pile of scattered vintage photos

Looking for Inspiration in Uncommon Places

As designers, we’re on a constant search for inspiration. We look for new ways to make people think, feel, and pay attention to our messages. And as designers, the natural place to go when we’re trying to beat deadlines and create something new is the internet. Pinterest, Dribbble, Instagram, AdWeek, Design*Sponge…we have a limitless online universe of resources to find what we’re looking for. With the click of a button, we can see objects and writings from the past, and dreams and visions for the future. Foreign and local. Famous and forgotten. It’s all right there. At our fingertips. One click away. There is only one catch. We have to know what to search for to find it.

And in a way, in a limitless environment, we’re still limited to what we know.

As our environment becomes more targeted, more customized, and more about us, most of our online experience only brings us what we already know. And as designers on the quest to create something new and unique, finding what we already know limits our ability to connect new dots and create something that hasn’t been done before.

A more targeted focus might sound like a dream world. We’re only spending time on the things we know are right. But that’s the problem. When it comes to creativity, what we know isn’t always the thing that will lead to new and inspiring ideas. Much of the time, it’s the unknown, the random discoveries, and the cross-topic connections that lead to something new and original.

A few months ago, I came across a collection of graphic design classics. 500+ pages of logos, posters, brochure design, and more. Some I knew very well. Others I was seeing for the first time. It was a collection of new and old. International and classics found down the street. It was at my fingertips, but as I started looking, I wasn’t sure what I would find. I wasn’t sure what would inspire me. And I wasn’t sure what it would lead to. The creativity and versatility didn’t just bring me joy, it also brought me to the realization that inspiration is rarely found by looking for the things based on what we already know. Often, inspiration is found in the unexpected. A propaganda poster from World War 2 reminding me of the importance of contrast and the feeling black, bold letters evokes, and the story of the origin of the Venn diagram taught me how simple lines have endless possibilities. It was the little things that lead to the big realizations.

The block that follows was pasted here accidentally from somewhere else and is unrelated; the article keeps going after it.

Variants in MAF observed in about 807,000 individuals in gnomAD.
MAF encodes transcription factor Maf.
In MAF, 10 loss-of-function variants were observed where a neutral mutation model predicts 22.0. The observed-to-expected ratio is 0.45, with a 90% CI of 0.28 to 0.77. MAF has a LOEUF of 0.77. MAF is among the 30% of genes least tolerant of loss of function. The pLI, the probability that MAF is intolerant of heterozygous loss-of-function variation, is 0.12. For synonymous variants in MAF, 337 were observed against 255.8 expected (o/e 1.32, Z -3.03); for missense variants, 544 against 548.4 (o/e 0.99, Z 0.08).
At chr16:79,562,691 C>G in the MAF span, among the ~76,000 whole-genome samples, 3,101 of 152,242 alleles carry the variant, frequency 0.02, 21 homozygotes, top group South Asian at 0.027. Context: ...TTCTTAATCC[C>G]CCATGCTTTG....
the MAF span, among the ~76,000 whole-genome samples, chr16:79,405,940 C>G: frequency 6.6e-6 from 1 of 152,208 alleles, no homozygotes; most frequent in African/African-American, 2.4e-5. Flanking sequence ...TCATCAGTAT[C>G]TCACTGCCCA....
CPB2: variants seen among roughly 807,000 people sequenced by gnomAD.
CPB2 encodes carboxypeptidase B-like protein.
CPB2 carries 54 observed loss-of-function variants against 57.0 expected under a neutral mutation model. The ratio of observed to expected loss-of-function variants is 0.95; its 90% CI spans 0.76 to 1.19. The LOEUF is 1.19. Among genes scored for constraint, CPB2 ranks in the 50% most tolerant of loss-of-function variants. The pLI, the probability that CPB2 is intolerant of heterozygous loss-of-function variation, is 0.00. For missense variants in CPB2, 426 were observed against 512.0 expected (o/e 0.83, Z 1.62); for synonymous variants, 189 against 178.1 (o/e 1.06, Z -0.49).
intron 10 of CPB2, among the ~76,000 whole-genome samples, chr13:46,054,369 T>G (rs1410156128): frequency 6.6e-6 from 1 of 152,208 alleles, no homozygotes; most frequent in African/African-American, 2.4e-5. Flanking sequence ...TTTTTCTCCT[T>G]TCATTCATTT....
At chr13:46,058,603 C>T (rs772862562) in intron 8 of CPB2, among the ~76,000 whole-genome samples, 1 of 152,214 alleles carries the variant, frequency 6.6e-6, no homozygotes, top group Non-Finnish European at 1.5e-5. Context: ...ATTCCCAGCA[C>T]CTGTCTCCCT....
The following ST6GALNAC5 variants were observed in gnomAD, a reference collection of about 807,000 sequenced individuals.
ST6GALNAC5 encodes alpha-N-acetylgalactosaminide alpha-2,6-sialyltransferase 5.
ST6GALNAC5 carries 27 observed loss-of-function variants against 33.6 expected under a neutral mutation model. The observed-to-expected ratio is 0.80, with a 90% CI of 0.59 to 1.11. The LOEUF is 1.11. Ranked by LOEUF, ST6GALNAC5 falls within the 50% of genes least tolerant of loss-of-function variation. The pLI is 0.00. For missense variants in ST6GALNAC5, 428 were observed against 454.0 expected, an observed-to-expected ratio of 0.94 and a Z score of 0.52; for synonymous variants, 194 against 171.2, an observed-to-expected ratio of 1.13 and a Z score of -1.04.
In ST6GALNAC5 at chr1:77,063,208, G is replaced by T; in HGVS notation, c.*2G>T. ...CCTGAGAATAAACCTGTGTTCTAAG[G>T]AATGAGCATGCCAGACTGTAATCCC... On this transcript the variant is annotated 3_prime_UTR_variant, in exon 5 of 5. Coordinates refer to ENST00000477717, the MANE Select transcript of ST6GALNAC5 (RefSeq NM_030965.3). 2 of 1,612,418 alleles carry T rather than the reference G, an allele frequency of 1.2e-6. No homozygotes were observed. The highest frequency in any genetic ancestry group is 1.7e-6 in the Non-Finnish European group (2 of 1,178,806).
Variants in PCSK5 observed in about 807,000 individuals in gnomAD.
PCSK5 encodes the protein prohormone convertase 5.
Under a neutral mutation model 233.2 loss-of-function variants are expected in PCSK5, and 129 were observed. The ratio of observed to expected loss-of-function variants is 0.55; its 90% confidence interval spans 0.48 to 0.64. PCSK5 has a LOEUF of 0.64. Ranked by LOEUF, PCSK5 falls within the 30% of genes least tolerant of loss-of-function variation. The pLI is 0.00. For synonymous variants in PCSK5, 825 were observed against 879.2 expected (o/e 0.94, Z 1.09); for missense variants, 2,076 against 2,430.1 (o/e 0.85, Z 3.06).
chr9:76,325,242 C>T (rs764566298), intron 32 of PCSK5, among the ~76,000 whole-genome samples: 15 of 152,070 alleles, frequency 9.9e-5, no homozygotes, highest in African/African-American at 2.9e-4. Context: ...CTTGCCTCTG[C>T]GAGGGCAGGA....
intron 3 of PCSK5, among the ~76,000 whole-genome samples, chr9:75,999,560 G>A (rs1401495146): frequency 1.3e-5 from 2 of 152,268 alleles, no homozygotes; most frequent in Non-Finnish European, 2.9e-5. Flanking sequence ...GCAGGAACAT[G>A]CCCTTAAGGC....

With the collection of posters, I was still in my world of graphic design, but I wasn’t constrained by what I knew. The 500+ posters reminded me to look further and to find connections between unrelated topics and time periods.

We’re all subject to confirmation bias—the tendency to recall and collect information in a way that strengthens our personal beliefs. But as designers and marketers, our job is usually not to express ourselves, but rather to find ways to express our client’s brands and personality. An environment that is targeted to serve us may be hiding important information needed to express their realities. And in turn, keep us from creating unique solutions.

If we want to use the power of design to create better messages and connect our clients to the right customers, we must step into worlds we may not be familiar with. It is in the unfamiliar we can start to connect new dots and see patterns we didn’t even know existed.

Maybe inspiration isn’t a click away, but rather about stepping away, picking up a book, looking at an old poster or going out in nature without our set beliefs or ideas of what we’re hoping to find.


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